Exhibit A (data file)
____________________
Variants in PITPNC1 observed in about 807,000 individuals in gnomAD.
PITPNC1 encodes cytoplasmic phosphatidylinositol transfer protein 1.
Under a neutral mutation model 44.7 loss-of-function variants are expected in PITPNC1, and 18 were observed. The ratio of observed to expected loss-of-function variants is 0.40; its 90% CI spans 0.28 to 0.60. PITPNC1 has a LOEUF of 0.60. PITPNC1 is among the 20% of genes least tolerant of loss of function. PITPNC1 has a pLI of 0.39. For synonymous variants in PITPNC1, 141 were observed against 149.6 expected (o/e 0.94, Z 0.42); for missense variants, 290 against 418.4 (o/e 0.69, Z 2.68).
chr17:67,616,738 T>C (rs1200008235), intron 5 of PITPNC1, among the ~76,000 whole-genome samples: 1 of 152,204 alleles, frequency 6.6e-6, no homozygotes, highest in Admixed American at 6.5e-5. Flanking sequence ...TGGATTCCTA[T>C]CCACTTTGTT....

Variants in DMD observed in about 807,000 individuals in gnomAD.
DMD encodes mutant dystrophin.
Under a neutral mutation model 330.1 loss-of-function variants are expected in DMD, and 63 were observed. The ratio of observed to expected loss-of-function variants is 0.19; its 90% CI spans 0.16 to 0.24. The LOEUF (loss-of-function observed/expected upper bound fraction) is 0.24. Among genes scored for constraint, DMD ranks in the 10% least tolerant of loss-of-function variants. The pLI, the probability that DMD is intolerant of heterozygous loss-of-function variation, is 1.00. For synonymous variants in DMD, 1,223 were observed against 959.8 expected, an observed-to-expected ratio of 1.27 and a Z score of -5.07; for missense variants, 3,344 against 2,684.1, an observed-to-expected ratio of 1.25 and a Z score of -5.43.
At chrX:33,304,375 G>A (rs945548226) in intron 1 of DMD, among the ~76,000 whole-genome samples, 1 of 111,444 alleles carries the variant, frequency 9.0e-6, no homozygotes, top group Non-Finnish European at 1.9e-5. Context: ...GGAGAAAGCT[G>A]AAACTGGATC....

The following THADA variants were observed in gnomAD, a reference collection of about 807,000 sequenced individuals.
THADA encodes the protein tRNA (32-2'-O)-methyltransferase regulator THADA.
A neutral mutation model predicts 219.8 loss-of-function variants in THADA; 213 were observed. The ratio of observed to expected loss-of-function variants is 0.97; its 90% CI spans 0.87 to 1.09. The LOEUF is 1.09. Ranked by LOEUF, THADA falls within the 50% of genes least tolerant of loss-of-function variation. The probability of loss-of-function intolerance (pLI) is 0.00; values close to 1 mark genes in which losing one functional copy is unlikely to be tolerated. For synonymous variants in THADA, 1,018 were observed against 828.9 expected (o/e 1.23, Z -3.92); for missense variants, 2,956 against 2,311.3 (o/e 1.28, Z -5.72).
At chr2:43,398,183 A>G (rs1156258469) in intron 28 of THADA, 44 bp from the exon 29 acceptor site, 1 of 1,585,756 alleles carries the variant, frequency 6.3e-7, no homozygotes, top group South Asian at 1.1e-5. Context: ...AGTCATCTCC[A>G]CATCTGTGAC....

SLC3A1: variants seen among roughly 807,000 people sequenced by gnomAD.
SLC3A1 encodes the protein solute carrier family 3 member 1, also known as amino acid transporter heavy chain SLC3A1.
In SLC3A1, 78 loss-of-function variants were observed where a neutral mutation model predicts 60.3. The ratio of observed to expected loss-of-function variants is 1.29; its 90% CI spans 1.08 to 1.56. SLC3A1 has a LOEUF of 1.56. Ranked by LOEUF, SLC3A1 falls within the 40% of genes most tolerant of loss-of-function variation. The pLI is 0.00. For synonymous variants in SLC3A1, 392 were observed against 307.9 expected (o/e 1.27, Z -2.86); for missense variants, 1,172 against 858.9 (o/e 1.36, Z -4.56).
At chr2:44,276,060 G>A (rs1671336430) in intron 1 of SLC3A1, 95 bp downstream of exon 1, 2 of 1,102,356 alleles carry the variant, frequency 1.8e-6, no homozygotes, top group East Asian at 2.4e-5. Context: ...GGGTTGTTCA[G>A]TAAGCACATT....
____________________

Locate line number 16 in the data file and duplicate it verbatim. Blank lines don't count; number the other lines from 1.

At chr2:44,276,060 G>A (rs1671336430) in intron 1 of SLC3A1, 95 bp downstream of exon 1, 2 of 1,102,356 alleles carry the variant, frequency 1.8e-6, no homozygotes, top group East Asian at 2.4e-5. Context: ...GGGTTGTTCA[G>A]TAAGCACATT....